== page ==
Why don't prey animals have eyes in the backs of their heads? © Getty Images

Why don’t prey animals have eyes in the backs of their heads?

Prey animals often have eyes on the sides of their heads t give them a wide field of view - but eyes in the back of their heads would be counterintuitive.

Asked by: Alan Hatchard, Bristol

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Animals need to know where they are going, so they must have eyes that look forwards. If they also had eyes on the backs of their heads, the brain would have to combine these two totally different views into one, including opposite directions of movement.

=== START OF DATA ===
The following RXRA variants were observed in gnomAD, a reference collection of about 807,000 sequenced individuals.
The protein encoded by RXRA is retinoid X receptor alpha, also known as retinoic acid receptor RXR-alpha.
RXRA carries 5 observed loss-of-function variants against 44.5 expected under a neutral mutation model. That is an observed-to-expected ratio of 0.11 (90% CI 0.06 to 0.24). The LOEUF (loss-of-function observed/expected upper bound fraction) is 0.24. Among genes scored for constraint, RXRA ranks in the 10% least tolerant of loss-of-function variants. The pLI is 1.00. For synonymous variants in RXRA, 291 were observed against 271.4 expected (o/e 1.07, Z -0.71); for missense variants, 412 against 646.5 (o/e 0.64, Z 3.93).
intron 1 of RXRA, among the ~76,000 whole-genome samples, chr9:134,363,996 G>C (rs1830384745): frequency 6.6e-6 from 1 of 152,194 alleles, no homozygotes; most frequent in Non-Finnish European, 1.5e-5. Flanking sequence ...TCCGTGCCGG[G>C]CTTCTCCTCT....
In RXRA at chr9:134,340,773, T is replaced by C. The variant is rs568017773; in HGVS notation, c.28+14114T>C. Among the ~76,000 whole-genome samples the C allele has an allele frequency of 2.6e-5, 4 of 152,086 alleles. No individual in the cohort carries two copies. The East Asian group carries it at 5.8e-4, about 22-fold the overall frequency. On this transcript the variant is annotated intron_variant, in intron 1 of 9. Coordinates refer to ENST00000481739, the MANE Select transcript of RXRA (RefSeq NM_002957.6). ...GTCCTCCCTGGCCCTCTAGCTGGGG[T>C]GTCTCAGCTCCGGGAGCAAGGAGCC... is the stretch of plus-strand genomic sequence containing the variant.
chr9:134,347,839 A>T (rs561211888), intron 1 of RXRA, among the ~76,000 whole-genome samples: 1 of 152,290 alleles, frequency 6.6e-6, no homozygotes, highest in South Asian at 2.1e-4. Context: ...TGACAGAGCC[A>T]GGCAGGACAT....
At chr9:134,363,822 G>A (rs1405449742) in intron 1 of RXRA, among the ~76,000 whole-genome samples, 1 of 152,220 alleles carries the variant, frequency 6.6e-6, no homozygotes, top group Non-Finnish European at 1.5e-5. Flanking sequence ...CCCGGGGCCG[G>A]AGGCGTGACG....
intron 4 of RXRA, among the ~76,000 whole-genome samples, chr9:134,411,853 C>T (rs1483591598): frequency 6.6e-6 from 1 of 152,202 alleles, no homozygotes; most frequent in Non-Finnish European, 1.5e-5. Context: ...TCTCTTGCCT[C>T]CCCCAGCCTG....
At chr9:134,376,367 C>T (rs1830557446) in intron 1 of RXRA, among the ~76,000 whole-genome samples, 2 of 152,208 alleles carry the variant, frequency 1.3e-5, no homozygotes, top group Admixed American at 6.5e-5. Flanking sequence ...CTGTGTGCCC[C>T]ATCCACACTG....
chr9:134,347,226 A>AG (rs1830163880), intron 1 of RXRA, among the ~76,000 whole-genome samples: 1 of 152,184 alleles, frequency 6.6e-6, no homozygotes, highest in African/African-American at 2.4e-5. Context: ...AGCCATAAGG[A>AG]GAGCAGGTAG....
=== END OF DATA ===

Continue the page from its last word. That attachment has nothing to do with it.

A simpler solution, found in many prey animals, is to have eyes on the sides of the head to give a very wide field of view. Rabbits, for instance, have eyes high up on the side of the head. The disadvantage is a small blind spot right in front of them. Goats, however, have horizontal pupils that allow them to see 320° with no blind spot.


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